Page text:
According to Savills, London needs both more affordably priced homes and workspace to remain a successful and competitive city.
The UK’s largest property consultancy estimates that 58% of housing demand is for homes less than £450psf, yet only 15% of this demand will be met by supply over the next five years.
With a Savills/BCO survey revealing ‘length of commute’ to be the most important consideration for employee wellbeing, Savills identify a need for people to work in outer London to minimise commute times. However, they forecast a circa 900,000 sq ft shortfall of office space over the next five years resulting in upward pressure on rents and leaving SMEs stretched.
With Millennials typically valuing convenience and experience over material goods, greater emphasis on sharing and living collectively, and a need for affordable housing, Savills has identified five emerging trends for how we will live and work in the capital.
1. Micro living
Micro living is increasingly popular and offers choice to people with limited budgets. London lags behind New York, Tokyo and Munich in the supply of micro-units, but that could be about to change with smaller homes being acknowledged in the Housing White Paper, having previously been constrained by space standards. It is worth noting that Inspired Homes has managed to deliver more than 400 micro-apartments in Greater and Commuter London in just over three years.
Exceptional co-living rental spaces offered by providers such as The Collective and Roam will entice young professionals with a sociable environment and lifestyle offering through communal living spaces and amenities such as games rooms, cinemas and gyms.
Co-working has increased in popularity as companies seek greater flexibility from their operational environment leading to impressive growth in the capital across all qualities, tenures and price points. Savills expects to see corporates increasingly using their own space to attract start-up and scale-up organisations and suggests that co-working could also be co-located with residential.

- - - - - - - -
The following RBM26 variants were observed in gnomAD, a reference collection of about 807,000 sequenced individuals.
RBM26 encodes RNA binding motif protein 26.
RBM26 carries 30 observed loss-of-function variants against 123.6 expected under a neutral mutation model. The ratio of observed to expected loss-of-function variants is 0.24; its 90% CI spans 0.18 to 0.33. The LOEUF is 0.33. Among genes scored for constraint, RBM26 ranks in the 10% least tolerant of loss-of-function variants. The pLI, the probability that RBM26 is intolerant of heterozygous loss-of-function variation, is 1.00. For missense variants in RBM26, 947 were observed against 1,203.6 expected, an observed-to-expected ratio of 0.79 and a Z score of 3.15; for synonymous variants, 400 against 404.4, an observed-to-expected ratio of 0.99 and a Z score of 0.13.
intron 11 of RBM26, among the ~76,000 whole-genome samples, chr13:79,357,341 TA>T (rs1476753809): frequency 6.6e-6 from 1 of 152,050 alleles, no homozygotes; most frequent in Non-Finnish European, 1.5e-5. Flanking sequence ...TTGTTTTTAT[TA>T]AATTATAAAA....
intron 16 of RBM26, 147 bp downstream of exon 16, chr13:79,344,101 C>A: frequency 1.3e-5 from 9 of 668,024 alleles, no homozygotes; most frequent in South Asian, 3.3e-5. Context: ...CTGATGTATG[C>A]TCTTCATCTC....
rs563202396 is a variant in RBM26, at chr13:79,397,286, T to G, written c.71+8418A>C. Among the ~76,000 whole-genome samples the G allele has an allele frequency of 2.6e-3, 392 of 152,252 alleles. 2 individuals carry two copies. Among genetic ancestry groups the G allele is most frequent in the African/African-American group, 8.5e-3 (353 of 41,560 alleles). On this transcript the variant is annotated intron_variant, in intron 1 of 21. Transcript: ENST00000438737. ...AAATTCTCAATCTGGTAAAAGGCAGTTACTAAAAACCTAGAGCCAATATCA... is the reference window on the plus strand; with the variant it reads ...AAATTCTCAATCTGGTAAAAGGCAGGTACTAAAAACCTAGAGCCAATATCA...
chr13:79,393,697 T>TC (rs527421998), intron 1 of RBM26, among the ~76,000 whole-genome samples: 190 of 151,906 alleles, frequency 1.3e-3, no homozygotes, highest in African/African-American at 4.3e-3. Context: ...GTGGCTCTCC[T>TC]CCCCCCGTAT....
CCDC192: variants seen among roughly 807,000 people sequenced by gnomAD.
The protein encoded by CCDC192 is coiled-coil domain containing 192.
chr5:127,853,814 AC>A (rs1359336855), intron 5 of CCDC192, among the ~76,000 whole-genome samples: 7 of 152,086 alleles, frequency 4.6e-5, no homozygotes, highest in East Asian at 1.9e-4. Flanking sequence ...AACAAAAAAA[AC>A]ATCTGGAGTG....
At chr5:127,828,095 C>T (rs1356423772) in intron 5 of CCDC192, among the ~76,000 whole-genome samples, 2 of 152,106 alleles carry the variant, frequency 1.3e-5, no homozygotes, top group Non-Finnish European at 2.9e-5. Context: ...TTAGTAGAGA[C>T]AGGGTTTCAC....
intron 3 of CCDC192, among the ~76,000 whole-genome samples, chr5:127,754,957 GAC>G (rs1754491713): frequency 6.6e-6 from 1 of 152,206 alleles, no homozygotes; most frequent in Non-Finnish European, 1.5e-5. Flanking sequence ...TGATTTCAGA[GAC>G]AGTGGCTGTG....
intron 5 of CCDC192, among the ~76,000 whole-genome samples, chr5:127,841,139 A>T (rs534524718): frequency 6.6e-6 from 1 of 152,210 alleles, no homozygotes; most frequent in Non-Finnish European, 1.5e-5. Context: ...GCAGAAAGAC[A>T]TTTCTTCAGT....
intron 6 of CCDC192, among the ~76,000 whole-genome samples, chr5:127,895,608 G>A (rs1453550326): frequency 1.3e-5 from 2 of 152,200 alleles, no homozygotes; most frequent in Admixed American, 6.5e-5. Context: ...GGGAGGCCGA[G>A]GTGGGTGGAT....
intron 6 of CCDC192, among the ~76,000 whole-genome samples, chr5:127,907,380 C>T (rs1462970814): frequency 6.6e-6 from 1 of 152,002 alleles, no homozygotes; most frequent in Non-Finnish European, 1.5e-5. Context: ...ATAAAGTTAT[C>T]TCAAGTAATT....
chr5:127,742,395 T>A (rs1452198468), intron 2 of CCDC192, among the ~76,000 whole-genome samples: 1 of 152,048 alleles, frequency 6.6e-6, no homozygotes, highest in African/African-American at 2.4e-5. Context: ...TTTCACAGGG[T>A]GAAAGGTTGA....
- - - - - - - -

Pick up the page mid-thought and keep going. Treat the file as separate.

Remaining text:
4. Affordable workspace.
Mayor Sadiq Khan announced the creation of The Workspace Providers Board to advise on affordable workspace. He has asked local authorities to sign up to a ‘workspace pledge’ to create new space for start-ups, small businesses, the creative industries and artists. Some local authorities have introduced policies to ensure that a certain level of a new development is affordable workspace and Savills suggests that there is an opportunity for developers to provide this as co-working space.
5. Health and wellness.
According to a report by Savills and the BCO “What Workers Want”, a quarter of London’s workers believe that their office environment has a negative impact on their physical and mental health, with 86% of respondents selecting ‘length of commute’ as the most important factor. Savills suggests this could be resolved by having workspaces in locations outside central London that are closer to relatively affordable housing.
If you would like to enquire about our micro-apartments, call the sales team on 020 8688 6552.